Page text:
Themes/topics: writing, stories, siblings, imagination, reading

Sample text from one spread, which switches between text and dialogue bubbles.
“What are you doing?” I ask one day while we’re sitting at the kitchen table.
“I’m writing a story.” [answers his sister]
“I wish I could write a story”
“You CAN. It’s easy.”
“How? I know my letters but I don’t know man words.”
“Write what you know. Every story starts with a single word, and every word starts with a single letter. Why don’t you start there, with a letter?”

The Class by Boni Ashburn and Kimberly Gee (2016)
This rhyming text compares and contrasts the experiences of a group of kids as they get ready for school. Fun, funny, and poignant, this is a great fit for any “first day of school” storytime. The kids are both racially and economically diverse, and the illustrations avoid stereotypes between the two. Fun to read in a group, but extra rewarding to close readers who can track individual children throughout the book and follow their individual stories, this one is worth putting on your radar.
Themes/topics: school, getting dressed/getting ready, growing up
Sample text:
Ten have bed head. Nine use combs. One tries brushes…sprays…and foams…
Two put ribbons in their hair

Four wear day-old underwear. Five can’t find a matching sock.
One yells, “Don’t you ever knock?!” [baby sis opens bathroom door]

When Penny Met POTUS by Rachel Ruiz illustrated by Melissa Manwill (2016) #ownvoices?
Penny’s mother works at the White House. Penny hears the term “POTUS” a lot, and imagines that POTUS is a kind of monster—which leads to much confusion when she comes face-to-face with the real POTUS—who turns out to be a woman. Penny and her mother have dark hair and eyes, and may read as “white” to most viewers, but close readers will note that while Penny and the POTUS’ skin is a similar shade, Penny’s skin tone is more brown than the President’s, and considerably darker than some of the other White House staff, particularly the gardener.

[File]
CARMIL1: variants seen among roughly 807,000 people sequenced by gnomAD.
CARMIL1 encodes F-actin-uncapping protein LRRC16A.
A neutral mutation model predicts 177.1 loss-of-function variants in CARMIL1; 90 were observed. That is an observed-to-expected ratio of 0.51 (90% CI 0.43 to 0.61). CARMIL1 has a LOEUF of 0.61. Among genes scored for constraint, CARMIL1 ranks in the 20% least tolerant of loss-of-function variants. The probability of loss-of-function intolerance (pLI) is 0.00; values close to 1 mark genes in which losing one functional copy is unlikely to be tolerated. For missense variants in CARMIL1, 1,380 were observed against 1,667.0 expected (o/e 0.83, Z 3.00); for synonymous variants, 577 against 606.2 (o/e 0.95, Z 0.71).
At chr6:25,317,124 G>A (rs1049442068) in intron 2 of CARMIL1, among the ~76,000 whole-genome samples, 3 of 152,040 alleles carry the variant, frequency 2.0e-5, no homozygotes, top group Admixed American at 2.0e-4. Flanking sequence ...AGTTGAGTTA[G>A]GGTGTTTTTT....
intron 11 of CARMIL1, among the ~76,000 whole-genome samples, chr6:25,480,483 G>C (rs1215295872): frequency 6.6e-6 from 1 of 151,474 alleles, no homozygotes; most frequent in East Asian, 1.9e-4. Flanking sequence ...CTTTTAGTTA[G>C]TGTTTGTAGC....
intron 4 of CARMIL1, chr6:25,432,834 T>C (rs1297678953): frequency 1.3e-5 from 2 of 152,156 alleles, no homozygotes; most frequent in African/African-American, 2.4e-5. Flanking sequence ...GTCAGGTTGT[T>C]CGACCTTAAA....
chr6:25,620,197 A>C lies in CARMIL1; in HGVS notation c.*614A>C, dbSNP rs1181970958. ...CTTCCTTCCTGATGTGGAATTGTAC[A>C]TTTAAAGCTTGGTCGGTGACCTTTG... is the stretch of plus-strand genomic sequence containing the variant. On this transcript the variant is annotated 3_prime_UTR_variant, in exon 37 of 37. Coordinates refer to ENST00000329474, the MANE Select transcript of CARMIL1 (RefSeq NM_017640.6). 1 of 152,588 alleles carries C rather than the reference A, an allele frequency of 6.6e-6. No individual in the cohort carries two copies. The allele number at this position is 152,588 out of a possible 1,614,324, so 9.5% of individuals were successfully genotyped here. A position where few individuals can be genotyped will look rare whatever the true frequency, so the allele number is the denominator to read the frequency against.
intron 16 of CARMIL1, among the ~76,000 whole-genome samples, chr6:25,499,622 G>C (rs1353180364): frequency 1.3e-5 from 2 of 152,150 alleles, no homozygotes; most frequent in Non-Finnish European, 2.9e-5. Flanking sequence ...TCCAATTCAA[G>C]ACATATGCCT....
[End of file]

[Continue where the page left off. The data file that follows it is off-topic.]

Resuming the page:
Themes/topics: Presidents, The White House, voting, elections, women, empowerment, monsters

Sample text from three spreads:
“Penny looks at the woman. “You’re POTUS?”
The woman nods, smiling. “POTUS is a nickname people use for me,” she says. “It stands for President of the United States.”

“You’re the president?” Penny asks. “But you’re a—“
[the president is shown in a power pose with a word bubble that reads, “That’s right, I’m a—“]

“Human,” Penny says.
She feels a little disappointed.

Can One Balloon Make and Elephant Fly? by Dan Richards and Jeff Newman (2016)
Look Up! By Jung Jin-Ho (2016 US copyright) #ownvoices
Marta! Big & Small by Jen Arena Illustrated by Angela Dominguez (2016) #ownvoices
A Squiggly Story by Andrew Larsen and Mike Lowery (2016)
The Class by Boni Ashburn and Kimberly Gee (2016)
When Penny Met POTUS by Rachel Ruiz illustrated by Melissa Manwill (2016) #ownvoices?

1 comment:

  1. Ohh wow soo many amazing books. Hey do you know a place where I can review? Or a book that can help me write my college papers.